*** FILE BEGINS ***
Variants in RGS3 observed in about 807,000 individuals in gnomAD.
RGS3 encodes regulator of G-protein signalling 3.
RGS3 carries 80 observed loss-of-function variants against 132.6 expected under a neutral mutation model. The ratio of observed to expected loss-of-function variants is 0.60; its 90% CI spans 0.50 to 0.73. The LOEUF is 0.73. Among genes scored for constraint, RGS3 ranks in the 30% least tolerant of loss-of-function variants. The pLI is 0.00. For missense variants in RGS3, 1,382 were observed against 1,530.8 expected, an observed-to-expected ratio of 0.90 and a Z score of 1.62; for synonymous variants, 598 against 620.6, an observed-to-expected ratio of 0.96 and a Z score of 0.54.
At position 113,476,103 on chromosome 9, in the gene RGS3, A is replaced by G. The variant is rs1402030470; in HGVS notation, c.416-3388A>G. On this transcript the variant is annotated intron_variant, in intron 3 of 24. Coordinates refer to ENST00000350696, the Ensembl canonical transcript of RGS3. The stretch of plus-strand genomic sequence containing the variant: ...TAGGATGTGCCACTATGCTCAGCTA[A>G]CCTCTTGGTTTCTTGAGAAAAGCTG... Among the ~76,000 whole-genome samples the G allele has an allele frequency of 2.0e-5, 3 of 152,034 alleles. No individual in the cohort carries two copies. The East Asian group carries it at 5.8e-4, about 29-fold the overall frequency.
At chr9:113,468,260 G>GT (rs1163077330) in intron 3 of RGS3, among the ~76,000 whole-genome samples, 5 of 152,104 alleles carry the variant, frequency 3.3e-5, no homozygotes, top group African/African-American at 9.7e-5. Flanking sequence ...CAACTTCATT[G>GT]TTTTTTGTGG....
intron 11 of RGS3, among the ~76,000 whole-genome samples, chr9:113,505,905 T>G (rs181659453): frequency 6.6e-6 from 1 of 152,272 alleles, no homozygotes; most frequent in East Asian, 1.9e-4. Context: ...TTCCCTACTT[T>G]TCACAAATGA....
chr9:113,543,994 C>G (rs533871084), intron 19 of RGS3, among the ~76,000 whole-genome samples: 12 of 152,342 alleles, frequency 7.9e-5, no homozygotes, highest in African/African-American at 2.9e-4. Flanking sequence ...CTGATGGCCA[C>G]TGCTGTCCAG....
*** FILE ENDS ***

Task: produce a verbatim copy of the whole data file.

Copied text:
Variants in RGS3 observed in about 807,000 individuals in gnomAD.
RGS3 encodes regulator of G-protein signalling 3.
RGS3 carries 80 observed loss-of-function variants against 132.6 expected under a neutral mutation model. The ratio of observed to expected loss-of-function variants is 0.60; its 90% CI spans 0.50 to 0.73. The LOEUF is 0.73. Among genes scored for constraint, RGS3 ranks in the 30% least tolerant of loss-of-function variants. The pLI is 0.00. For missense variants in RGS3, 1,382 were observed against 1,530.8 expected, an observed-to-expected ratio of 0.90 and a Z score of 1.62; for synonymous variants, 598 against 620.6, an observed-to-expected ratio of 0.96 and a Z score of 0.54.
At position 113,476,103 on chromosome 9, in the gene RGS3, A is replaced by G. The variant is rs1402030470; in HGVS notation, c.416-3388A>G. On this transcript the variant is annotated intron_variant, in intron 3 of 24. Coordinates refer to ENST00000350696, the Ensembl canonical transcript of RGS3. The stretch of plus-strand genomic sequence containing the variant: ...TAGGATGTGCCACTATGCTCAGCTA[A>G]CCTCTTGGTTTCTTGAGAAAAGCTG... Among the ~76,000 whole-genome samples the G allele has an allele frequency of 2.0e-5, 3 of 152,034 alleles. No individual in the cohort carries two copies. The East Asian group carries it at 5.8e-4, about 29-fold the overall frequency.
At chr9:113,468,260 G>GT (rs1163077330) in intron 3 of RGS3, among the ~76,000 whole-genome samples, 5 of 152,104 alleles carry the variant, frequency 3.3e-5, no homozygotes, top group African/African-American at 9.7e-5. Flanking sequence ...CAACTTCATT[G>GT]TTTTTTGTGG....
intron 11 of RGS3, among the ~76,000 whole-genome samples, chr9:113,505,905 T>G (rs181659453): frequency 6.6e-6 from 1 of 152,272 alleles, no homozygotes; most frequent in East Asian, 1.9e-4. Context: ...TTCCCTACTT[T>G]TCACAAATGA....
chr9:113,543,994 C>G (rs533871084), intron 19 of RGS3, among the ~76,000 whole-genome samples: 12 of 152,342 alleles, frequency 7.9e-5, no homozygotes, highest in African/African-American at 2.9e-4. Flanking sequence ...CTGATGGCCA[C>G]TGCTGTCCAG....